Holding hands with Maude Barlow and marching with Dave Coles, Tony Clarke, Graham Saul, George Poitras and a group of Aboriginal leaders, we marched slowly towards a metal fence. Media blocked our way and it was difficult to see past them to the police awaiting us, but it seemed to me that they were standing back rather than moving forward to confront us. That was comforting and a small sign that this would more or less go as planned. We were supposed to spread out at arms length to give each of us room to step up onto the lower bar of the fence and swing the other leg over. But the media funnelled us into a narrow space and that just wasn’t going to happen. Coles was first over, the rest of us one or two at a time after. An RCMP approached and told me that I was in a restricted zone and if I did not go back over the fence he would arrest me. He asked again to make sure I understood. Plastic cuffs bound my hands behind me and that was it — my first arrest in a lifetime of political and labour activism.

This was an act of conscience against the Keystone XL pipeline which in spite of Canadian regulatory approval a year and a half ago has not yet received U.S. approval and has not commenced construction in Canada.

Dave Coles, President of CEP, and I were representing our members who have stood opposed to the pipeline and the model of development it represents from its inception. CEP opposed XL at the National Energy Board, appealed their decision to cabinet and then sought leave in federal court to force a judicial appeal.

In truth, this was a fight we feared was all but lost — until the U.S. ENGO campaign started to gain momentum this year. It culminated in August at the White House with a month of demonstrations and a thousand-plus arrests — but the breadth of opposition has extended to the Environmental Protection Agency, a coalition of 80 U.S. NGOs, and voices from Al Gore to a growing body of U.S. Senators and Congressmen. Obama has a range of options to bend to the pressure on him, including just doing nothing — a tactic he seems to have honed very well.

Because the U.S. approval has been stalled, TCPL could not start construction in Canada and CEP has now asserted that its Canadian permit has expired. The company and its “sympathetic administration” in the National Energy Board claims that “earth moving” near the Hardisty tank farm in 2010 constituted commencement of construction before its March 2011 deadline. But the union sent out an investigative team and found nothing but a grass field and a weather-beaten sign.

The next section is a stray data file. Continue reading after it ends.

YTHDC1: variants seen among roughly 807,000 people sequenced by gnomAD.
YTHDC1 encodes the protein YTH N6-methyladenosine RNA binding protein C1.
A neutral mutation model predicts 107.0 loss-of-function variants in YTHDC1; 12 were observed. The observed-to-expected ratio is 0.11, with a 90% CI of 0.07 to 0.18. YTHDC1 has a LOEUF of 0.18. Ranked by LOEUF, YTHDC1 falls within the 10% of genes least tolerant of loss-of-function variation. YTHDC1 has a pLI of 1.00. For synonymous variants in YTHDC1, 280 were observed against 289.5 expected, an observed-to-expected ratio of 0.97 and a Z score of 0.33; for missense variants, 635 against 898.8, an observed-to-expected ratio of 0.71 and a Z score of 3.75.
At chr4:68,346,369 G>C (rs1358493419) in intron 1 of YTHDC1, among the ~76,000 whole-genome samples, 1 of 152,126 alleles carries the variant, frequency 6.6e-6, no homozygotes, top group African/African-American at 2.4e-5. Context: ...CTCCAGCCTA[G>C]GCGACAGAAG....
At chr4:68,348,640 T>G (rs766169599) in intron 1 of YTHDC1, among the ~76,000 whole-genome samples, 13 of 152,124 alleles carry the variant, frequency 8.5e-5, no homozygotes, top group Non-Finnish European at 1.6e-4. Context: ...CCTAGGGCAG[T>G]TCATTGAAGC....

The economic model for the bitumen sands demands high oil prices, tens of billions of dollars in continuous new investment and a virtually unlimited, willing market in the only current customer — the U.S. Add all of this together and none of this is looking good at the moment. Some investors and policy makers must be now asking about the fundamentals of what they are doing.

That makes the media coverage of Monday’s Ottawa action curious. Our cynical media focused on the turn out of about 500 – 800 people, claiming it was below estimates. There were no higher estimates that I was aware of, but what did they expect at 10:00 a.m. on a Monday morning? The 117 arrests in Ottawa perhaps lacked the television quality of some of the summit protests with police in riot gear, but they did demonstrate a passion and commitment that decision-makers must know will not simply dissipate with the next news cycle.

Coles and I climbed over the fence knowing that XL is a pivotal moment in the development of the bitumen sands. If the pipeline is stopped, not a single person will lose a job. But tens of thousands of jobs may well be created by the processing of that resource in our own country.

If XL is reconsidered, the unsustainable pace of development which is now on track to double and triple production of bitumen may well be slowed. But no one will lose their job either if the frontier economy is brought under control, and it may then become possible for Canada to set and meet targets for greenhouse gas emissions.

If opposition to XL makes it clear to Albertans and the federal government that both Canadians and U.S. customers for our exports care about the downstream effects of bitumen production on First Nation communities, perhaps some real change for these suffering communities may now come about.

Of course, the reverse of these possibilities is true also. XL will weld the continental model into place and make all alternatives much more formidable to achieve. All of these factors lifted me over the fence, in spite of the obvious concerns that family, friends and colleagues had over an act of civil disobedience.

A small shout-out from me to RCMP officers Maisonneuve and Kubisecki, who treated me respectfully during my couple of hours in their custody. At the end of it, I was given a trespass ticket with a $65 fine. I was put into a police wagon that squeezed four of us, hunched over facing each other on a steel bench. We thought we were on our way to the Ottawa Police Station, and we talked to each other quietly about the experience while a young Aboriginal brother closed his eyes and sang. Suddenly, the wagon pulled over at a corner in downtown Ottawa and let us out on the sidewalk. Body and conscience intact.


Fred Wilson

Fred Wilson is a retired Unifor activist and author of a New Kind of Union (Lorimer 2019).